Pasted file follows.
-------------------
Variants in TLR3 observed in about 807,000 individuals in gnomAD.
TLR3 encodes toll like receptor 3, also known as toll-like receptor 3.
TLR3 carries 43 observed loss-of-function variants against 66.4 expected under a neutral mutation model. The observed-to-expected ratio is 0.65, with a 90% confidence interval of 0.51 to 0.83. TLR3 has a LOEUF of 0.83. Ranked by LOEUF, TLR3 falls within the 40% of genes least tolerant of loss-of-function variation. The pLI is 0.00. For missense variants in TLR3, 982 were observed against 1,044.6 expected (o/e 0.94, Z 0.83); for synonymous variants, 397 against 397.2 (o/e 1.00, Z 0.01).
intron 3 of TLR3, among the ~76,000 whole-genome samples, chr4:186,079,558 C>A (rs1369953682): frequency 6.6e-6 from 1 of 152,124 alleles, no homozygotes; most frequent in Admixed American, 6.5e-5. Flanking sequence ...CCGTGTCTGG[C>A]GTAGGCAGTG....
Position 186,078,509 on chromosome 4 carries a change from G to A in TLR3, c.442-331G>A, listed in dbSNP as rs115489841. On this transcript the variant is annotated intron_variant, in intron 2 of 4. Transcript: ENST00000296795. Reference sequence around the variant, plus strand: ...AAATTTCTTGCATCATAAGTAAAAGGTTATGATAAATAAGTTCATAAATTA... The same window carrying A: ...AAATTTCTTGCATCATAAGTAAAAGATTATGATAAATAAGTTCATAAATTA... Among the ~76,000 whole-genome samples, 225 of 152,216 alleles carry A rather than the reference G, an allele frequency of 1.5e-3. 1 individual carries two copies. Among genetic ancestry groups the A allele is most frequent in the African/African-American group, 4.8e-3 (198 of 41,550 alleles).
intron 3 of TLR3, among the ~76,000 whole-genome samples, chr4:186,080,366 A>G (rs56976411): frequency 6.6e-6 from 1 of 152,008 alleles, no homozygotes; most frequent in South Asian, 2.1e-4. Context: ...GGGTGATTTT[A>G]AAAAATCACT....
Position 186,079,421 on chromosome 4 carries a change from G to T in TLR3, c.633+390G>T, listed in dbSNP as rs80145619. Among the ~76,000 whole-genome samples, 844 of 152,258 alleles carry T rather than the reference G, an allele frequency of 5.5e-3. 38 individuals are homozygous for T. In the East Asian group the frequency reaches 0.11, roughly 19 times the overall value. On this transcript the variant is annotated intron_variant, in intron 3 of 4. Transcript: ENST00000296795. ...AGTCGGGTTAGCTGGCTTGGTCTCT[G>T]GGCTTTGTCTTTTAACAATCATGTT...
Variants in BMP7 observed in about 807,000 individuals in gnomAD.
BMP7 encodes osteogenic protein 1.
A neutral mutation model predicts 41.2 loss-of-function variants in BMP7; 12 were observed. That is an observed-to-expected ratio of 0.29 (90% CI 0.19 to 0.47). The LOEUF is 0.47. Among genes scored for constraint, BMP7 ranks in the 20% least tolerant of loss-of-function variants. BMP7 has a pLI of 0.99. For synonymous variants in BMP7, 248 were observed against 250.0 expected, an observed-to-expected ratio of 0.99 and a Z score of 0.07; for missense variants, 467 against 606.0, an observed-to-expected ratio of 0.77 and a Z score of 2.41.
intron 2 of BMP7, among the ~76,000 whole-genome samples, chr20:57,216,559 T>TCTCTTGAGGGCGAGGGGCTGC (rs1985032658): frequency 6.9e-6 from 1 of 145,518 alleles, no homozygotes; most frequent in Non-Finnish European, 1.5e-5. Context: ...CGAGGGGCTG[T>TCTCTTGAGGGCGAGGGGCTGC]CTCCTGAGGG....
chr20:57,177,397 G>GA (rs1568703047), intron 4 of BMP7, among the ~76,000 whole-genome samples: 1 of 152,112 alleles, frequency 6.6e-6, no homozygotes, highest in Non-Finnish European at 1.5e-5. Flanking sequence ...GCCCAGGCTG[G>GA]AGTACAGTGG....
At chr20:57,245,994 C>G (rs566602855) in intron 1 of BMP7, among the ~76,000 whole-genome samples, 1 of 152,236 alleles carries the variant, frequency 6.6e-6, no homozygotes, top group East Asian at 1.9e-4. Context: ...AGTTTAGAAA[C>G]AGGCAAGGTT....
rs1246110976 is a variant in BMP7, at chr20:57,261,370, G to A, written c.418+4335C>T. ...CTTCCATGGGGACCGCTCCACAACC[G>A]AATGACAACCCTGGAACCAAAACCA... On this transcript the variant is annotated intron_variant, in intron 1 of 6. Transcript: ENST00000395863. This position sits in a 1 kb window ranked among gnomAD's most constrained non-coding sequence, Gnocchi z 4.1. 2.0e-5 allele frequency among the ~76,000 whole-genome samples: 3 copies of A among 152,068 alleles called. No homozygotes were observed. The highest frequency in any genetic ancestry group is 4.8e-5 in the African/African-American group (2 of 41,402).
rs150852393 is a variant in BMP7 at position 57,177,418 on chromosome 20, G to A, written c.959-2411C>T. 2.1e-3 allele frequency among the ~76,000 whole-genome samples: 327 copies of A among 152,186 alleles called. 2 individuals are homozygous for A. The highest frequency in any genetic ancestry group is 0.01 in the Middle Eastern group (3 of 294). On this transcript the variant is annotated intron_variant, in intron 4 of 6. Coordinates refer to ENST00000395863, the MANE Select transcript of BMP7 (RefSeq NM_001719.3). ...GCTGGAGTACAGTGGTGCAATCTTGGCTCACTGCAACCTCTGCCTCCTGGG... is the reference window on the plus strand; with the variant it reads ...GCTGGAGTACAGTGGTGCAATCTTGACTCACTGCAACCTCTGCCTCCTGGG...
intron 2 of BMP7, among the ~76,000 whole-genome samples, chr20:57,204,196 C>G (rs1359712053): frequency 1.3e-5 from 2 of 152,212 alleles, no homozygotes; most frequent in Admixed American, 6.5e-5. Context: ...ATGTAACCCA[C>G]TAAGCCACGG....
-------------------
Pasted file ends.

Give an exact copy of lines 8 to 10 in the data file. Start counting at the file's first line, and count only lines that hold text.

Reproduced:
Variants in BMP7 observed in about 807,000 individuals in gnomAD.
BMP7 encodes osteogenic protein 1.
A neutral mutation model predicts 41.2 loss-of-function variants in BMP7; 12 were observed. That is an observed-to-expected ratio of 0.29 (90% CI 0.19 to 0.47). The LOEUF is 0.47. Among genes scored for constraint, BMP7 ranks in the 20% least tolerant of loss-of-function variants. BMP7 has a pLI of 0.99. For synonymous variants in BMP7, 248 were observed against 250.0 expected, an observed-to-expected ratio of 0.99 and a Z score of 0.07; for missense variants, 467 against 606.0, an observed-to-expected ratio of 0.77 and a Z score of 2.41.